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A Nordstrom sign is seen at a shopping mall in Brea, Calif. (Jae C. Hong/AP)

Luxury-retailer Nordstrom's next store in Los Angeles will be a mere speck compared with the 140,000 square feet of the typical department outlet. It will span just 3,000 square feet when it opens next month.

The store, to be called Nordstrom Local, will operate as a venue for consulting with stylists and picking up, trying on, and returning items bought online, and that Nordstrom has sourced from area department stores or warehouses. Items ordered before 2 p.m. will be available for pickup at Nordstrom Local that day, the company says.

Why it matters: With eight dressing rooms, onsite tailoring, a wine-and-beer bar — but no actual merchandise — it adds detail to a trend in which department stores are turning to smaller format outlets to cut costs, reach out to urban shoppers, and compete with e-retailers.

Will it work? Nordstrom is outperforming rivals like Macy's, but its same-store sales are still down 7% over the first half of the year, amid an industry-wide decline in in-store retail traffic. That said, there are a few reasons to be optimistic that going small could pay off:

  • Target began experimenting with small-formats in big cities and on college campuses, opening nine in 2014, and they have driven sales well enough that it is planning to open hundreds more in the coming years. Nordstrom could be looking at Target's experience as a way to attract younger shoppers in dense, urban areas.
  • According to Cowen analyst Oliver Chen, Nordstrom is reaping the rewards of e-commerce investments from years ago. It now makes 25% of its overall sales online, and the Nordstrom Local concept could help drive more sales from customers who mainly shop online by adding convenience.

Go deeper

U.S. grants temporary protected status to thousands of Venezuelans

Venezuelan citizens participate in the vote for the popular consultation in December 2020, as part of a protest against Venezuelan President Nicolás Maduro in Doral, Florida. Photo: Chandan Khanna/AFP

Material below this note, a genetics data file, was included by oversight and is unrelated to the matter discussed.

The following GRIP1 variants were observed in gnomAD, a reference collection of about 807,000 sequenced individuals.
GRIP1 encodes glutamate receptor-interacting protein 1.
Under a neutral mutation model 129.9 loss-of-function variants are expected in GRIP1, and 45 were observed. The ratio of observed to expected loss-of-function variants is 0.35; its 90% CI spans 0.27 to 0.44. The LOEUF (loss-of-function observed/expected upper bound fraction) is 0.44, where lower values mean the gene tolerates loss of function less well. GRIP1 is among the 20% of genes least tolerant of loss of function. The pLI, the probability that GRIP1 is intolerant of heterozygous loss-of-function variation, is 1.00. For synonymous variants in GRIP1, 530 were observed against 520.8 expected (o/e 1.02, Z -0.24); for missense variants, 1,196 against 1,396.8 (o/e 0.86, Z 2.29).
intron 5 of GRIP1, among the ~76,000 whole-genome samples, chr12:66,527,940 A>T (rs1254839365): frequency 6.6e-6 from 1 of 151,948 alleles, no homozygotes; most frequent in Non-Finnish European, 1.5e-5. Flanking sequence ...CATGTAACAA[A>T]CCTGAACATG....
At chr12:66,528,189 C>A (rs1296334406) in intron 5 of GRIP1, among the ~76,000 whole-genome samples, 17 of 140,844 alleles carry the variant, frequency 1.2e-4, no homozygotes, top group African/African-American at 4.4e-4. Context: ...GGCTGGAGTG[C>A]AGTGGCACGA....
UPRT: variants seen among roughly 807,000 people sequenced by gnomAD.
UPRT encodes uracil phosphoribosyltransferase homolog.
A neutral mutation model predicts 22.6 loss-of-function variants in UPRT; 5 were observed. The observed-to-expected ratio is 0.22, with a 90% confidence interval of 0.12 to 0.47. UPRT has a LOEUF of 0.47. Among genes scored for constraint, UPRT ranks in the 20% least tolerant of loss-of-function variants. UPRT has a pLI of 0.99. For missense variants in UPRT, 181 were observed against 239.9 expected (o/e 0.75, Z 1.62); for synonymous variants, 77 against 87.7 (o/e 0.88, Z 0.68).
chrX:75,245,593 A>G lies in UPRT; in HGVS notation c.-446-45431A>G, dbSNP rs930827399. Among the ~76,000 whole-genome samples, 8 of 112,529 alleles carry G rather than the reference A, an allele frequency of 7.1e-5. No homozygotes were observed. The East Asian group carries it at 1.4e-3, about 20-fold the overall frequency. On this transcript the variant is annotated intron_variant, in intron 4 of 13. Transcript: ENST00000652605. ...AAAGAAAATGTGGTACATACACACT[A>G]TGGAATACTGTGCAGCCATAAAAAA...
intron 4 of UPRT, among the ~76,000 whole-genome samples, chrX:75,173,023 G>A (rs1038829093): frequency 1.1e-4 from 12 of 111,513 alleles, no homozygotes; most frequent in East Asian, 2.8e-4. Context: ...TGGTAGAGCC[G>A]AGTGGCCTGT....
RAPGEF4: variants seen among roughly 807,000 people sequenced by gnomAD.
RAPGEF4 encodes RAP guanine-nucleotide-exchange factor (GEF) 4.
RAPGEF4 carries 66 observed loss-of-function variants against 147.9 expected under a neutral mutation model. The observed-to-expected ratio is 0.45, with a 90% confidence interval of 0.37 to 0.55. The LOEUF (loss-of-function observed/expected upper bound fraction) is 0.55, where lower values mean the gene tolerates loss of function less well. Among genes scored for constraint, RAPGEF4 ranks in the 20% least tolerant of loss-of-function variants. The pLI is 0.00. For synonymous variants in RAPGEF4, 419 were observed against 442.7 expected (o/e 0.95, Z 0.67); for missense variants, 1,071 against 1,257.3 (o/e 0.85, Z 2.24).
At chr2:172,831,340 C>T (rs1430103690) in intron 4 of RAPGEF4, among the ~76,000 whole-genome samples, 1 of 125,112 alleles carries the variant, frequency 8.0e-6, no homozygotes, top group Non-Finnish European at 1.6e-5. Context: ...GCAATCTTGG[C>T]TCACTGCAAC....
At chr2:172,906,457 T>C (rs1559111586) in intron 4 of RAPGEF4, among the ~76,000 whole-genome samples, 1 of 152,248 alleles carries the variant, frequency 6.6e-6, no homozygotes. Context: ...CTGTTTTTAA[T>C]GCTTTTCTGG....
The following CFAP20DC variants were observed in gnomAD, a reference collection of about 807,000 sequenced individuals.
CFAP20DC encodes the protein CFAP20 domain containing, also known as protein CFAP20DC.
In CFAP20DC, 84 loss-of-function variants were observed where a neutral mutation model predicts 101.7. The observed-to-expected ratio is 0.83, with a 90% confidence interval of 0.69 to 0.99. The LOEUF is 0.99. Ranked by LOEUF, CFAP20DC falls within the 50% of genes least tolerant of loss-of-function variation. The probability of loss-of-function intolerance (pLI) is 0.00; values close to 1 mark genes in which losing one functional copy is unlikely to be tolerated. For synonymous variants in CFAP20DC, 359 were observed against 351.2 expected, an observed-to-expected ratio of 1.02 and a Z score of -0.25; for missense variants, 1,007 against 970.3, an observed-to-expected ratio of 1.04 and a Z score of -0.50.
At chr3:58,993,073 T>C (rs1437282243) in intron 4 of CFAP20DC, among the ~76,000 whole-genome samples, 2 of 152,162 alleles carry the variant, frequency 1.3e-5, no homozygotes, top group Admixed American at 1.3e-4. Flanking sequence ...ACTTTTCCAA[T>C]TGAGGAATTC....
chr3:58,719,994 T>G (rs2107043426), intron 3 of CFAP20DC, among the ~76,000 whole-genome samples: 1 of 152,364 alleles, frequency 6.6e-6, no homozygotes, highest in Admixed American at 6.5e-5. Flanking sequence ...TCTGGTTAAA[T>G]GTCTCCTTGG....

Venezuelans living in the United States will be eligible to receive temporary protected status for 18 months, the Department of Homeland Security announced Monday.

Why it matters: Tens of thousands of Venezuelans have fled to the U.S. amid economic, political and social turmoil back home. Former President Trump, on his last full day in office, granted some protections to Venezuelans through the U.S. Deferred Enforced Departure program, but advocates and lawmakers said the move didn't go far enough.

"She-cession" threatens economic recovery

Illustration: Sarah Grillo

Decades of the slow economic progress women made catching up to men evaporated in just one year.

Why it matters: As quickly as those gains were erased, it could take much, much longer for them to return — a warning Treasury Secretary Janet Yellen issued today.

The Week America Changed

Sandberg thought Zuckerberg was "nuts" on remote work in January 2020

Photo illustration: Sarah Grillo/Axios. Photo: Paul Marotta/Getty Image

Chief operating officer Sheryl Sandberg thought Mark Zuckerberg was "nuts" when he raised the possibility in January 2020 that 50,000 Facebook employees might have to work from home. By March 6, they were.

Why it matters: In an interview Monday with Axios Re:Cap, Sandberg explained how Facebook moved quickly to respond to the pandemic with grants for small businesses and work-from-home stipends for its employees, and how the company has been watching the unfolding crisis for women in the workforce.